Now Daniel's argument only shows the great practical difficulties in defining all ones terms on one occassion. But it is not necessary to do so, as we agree upon the meanings of most of the terms in any discussion, just as we often agree on most of the premises of our arguments.

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Well, coming back to meet you the other way, obviously conventions are not purely arbitrary either. Think of a convention like a funeral, for example. There are any number of different cultural expressions of funerals, but they relate to a natural nsfact.

Daniel,

This is a very good example. A natural fact is inherent in man to make a public manifestation on the death of someone and this fact is universal to all cultures. The cultural expression of that fact is local. This is precisely like concepts and words. The concept is universal. The word is a local expression of it.

A lot of the time she seems to use "arbitrary" or "random" or "meaningless" or similar to describe things like conventions.

Could you please give an example of this? I agree that she often insinuates this, but many social conventions (or traditions) are arbitrary. A social convention is not defined as such based on whether it is arbitrary or not. It is defined by people agreeing to adopt it. Since a social convention can be arbitrary, it is not a good criterion for defining a fact. I believe this was Rand's meaning. I don't know of anywhere where she affirmed that a social convention cannot be based on reality and can only be arbitrary.

Thus just because we regard words as conventions, does not mean we "sever" them from reality or other hyperbole. I think Rand, with her admiration for the artificial, is mistaken in her condemnation of conventions (I think she is reflexively against things like conventions because she was very much against anything with the faintest whiff of collectivism. But this leads her to an erroneous view of language.

Actually, this is not accurate. Rand was against using the "conventions" part of words as a substitute for concept. This is what she argued against over and over (however, she did not stress that words are assigned to concepts by convention). I did another one of my interminable searches of the Objectivism Reference CDROM for the words "convention" and "conventions" and came up with some good results.

(The one convention Rand was really against, no holds barred, was the Democratic National Convention that elected McGovern. :) )

Here are some quotes so you see what I mean.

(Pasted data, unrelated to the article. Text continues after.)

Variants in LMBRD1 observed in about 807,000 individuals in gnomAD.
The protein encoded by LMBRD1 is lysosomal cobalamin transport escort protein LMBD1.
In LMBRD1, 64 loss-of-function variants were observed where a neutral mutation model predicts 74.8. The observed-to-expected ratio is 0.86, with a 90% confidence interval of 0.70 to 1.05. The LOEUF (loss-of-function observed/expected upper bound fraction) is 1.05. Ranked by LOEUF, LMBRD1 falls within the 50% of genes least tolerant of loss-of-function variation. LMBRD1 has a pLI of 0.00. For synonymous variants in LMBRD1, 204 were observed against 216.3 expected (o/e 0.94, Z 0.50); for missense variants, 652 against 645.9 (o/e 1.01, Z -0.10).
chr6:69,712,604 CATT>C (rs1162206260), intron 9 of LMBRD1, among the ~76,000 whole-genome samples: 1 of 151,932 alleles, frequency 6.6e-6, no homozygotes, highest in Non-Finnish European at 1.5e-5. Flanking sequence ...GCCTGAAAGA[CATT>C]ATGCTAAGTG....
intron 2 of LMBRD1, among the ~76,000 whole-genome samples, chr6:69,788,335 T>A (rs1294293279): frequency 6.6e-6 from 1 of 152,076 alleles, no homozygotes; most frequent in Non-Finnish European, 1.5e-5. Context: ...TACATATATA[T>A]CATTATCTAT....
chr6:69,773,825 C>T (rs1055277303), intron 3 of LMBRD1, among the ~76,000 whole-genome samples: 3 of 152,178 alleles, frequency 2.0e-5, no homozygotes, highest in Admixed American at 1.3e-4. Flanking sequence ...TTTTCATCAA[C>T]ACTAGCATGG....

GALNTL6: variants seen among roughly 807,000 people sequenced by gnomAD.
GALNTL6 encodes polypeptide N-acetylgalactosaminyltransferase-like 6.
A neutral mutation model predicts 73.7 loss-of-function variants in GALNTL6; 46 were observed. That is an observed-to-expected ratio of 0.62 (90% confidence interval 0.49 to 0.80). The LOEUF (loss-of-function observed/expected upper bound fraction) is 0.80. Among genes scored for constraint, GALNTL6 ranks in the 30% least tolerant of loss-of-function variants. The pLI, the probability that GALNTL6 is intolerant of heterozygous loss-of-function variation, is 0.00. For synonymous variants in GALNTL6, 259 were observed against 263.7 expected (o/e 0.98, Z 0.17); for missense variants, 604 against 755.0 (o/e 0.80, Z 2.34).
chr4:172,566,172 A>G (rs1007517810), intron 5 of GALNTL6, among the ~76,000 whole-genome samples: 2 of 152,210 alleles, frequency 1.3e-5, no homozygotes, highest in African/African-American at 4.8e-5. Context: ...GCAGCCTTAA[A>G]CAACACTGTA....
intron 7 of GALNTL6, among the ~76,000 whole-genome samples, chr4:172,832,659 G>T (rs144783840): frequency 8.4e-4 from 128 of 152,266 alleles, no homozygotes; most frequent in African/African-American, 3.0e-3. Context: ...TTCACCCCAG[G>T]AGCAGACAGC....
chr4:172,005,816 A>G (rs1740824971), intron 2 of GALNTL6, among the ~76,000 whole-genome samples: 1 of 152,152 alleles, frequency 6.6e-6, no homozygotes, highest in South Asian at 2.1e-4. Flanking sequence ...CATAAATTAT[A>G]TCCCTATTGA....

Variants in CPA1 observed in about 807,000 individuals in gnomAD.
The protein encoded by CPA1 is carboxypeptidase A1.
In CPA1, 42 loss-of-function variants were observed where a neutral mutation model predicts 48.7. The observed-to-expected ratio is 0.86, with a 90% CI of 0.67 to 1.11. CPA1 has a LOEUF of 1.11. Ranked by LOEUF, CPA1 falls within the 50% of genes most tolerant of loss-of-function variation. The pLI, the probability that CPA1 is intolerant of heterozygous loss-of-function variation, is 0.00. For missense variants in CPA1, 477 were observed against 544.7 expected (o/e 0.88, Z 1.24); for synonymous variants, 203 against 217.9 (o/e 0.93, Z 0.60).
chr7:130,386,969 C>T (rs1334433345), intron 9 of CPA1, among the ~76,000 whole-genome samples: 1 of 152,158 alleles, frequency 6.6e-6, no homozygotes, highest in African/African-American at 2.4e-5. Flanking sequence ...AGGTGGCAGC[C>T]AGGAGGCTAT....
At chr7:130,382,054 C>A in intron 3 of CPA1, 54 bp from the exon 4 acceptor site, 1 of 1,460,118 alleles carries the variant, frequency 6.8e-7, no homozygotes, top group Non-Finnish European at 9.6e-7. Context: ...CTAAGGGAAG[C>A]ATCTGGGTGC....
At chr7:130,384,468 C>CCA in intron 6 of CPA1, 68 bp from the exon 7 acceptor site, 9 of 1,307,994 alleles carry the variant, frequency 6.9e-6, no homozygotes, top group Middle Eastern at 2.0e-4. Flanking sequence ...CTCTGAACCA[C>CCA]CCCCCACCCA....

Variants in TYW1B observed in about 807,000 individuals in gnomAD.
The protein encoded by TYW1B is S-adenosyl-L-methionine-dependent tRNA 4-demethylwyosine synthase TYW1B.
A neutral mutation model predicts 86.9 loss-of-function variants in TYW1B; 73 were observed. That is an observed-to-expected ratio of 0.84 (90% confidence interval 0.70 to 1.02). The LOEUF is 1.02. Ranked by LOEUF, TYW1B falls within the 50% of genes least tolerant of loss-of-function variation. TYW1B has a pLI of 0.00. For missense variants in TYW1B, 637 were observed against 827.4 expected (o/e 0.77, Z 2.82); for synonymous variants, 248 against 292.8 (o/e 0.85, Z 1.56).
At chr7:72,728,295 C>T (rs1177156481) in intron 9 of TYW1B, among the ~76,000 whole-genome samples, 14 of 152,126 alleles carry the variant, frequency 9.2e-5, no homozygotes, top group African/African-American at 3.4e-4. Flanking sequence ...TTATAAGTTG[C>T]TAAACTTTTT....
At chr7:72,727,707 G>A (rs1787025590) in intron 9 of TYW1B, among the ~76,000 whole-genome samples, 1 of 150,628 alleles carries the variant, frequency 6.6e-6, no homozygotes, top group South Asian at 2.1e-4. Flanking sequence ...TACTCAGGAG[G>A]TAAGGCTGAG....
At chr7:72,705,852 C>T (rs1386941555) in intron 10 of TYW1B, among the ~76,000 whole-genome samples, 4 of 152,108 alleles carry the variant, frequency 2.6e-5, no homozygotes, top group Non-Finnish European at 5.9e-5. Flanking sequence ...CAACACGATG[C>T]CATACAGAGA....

The Ayn Rand Letter, Vol. III, No. 16 May 6, 1974. "Pragmatism versus America"

In the whirling Heraclitean flux which is the pragmatist's universe, there are no absolutes. There are no facts, no fixed laws of logic, no certainty, no objectivity.

There are no facts—only provisional "hypotheses" which, for the moment, facilitate human action. There are no fixed laws of logic—only subjective, mutable, pragmatic "conventions," without any basis in reality.

Notice that she does not deny that conventions exist. She is arguing against using them in the place of logic and facts.

Capitalism: The Unknown Ideal, "'Extremism,' Or The Art Of Smearing," p. 177

(I call this to the special attention of two particular classes of men who aid and abet the dissemination of "anti-concepts": the academic ivory-tower philosophers who claim that definitions are a matter of arbitrary social whim or convention, and that there can be no such thing as right or wrong definitions—and the "practical" men who believe that so abstract a science as epistemology can have no effect on the political events of the world.)

Now here you might have a case, except you always have to keep in mind that when Rand is talking about definitions, she is talking about concepts. She only talks about defining words when they express specific concepts. As you pointed out, a funeral is a "natural fact" and there are different local expressions of it. The funeral in itself is the universal and the local expression is the convention. A concept to Rand is what registers that natural fact in the mind (universal). A word (convention) is not a concept. It is merely a name-tag for the concept.